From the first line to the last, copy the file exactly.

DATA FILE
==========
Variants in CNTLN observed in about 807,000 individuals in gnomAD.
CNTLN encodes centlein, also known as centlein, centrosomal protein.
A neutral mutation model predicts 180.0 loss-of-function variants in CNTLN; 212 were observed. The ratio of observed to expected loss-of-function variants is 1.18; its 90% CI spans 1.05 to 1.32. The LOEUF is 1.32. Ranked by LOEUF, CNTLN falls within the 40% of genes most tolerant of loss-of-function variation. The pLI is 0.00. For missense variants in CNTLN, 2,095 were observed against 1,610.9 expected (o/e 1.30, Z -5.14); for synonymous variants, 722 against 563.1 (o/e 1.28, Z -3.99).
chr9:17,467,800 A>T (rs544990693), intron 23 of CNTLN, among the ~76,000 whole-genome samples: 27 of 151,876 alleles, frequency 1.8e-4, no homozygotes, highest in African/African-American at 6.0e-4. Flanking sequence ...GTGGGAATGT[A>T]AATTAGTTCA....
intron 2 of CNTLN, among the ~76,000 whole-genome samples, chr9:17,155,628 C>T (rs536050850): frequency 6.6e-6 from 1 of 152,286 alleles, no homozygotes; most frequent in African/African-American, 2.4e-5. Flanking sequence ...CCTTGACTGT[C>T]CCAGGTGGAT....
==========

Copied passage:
Variants in CNTLN observed in about 807,000 individuals in gnomAD.
CNTLN encodes centlein, also known as centlein, centrosomal protein.
A neutral mutation model predicts 180.0 loss-of-function variants in CNTLN; 212 were observed. The ratio of observed to expected loss-of-function variants is 1.18; its 90% CI spans 1.05 to 1.32. The LOEUF is 1.32. Ranked by LOEUF, CNTLN falls within the 40% of genes most tolerant of loss-of-function variation. The pLI is 0.00. For missense variants in CNTLN, 2,095 were observed against 1,610.9 expected (o/e 1.30, Z -5.14); for synonymous variants, 722 against 563.1 (o/e 1.28, Z -3.99).
chr9:17,467,800 A>T (rs544990693), intron 23 of CNTLN, among the ~76,000 whole-genome samples: 27 of 151,876 alleles, frequency 1.8e-4, no homozygotes, highest in African/African-American at 6.0e-4. Flanking sequence ...GTGGGAATGT[A>T]AATTAGTTCA....
intron 2 of CNTLN, among the ~76,000 whole-genome samples, chr9:17,155,628 C>T (rs536050850): frequency 6.6e-6 from 1 of 152,286 alleles, no homozygotes; most frequent in African/African-American, 2.4e-5. Flanking sequence ...CCTTGACTGT[C>T]CCAGGTGGAT....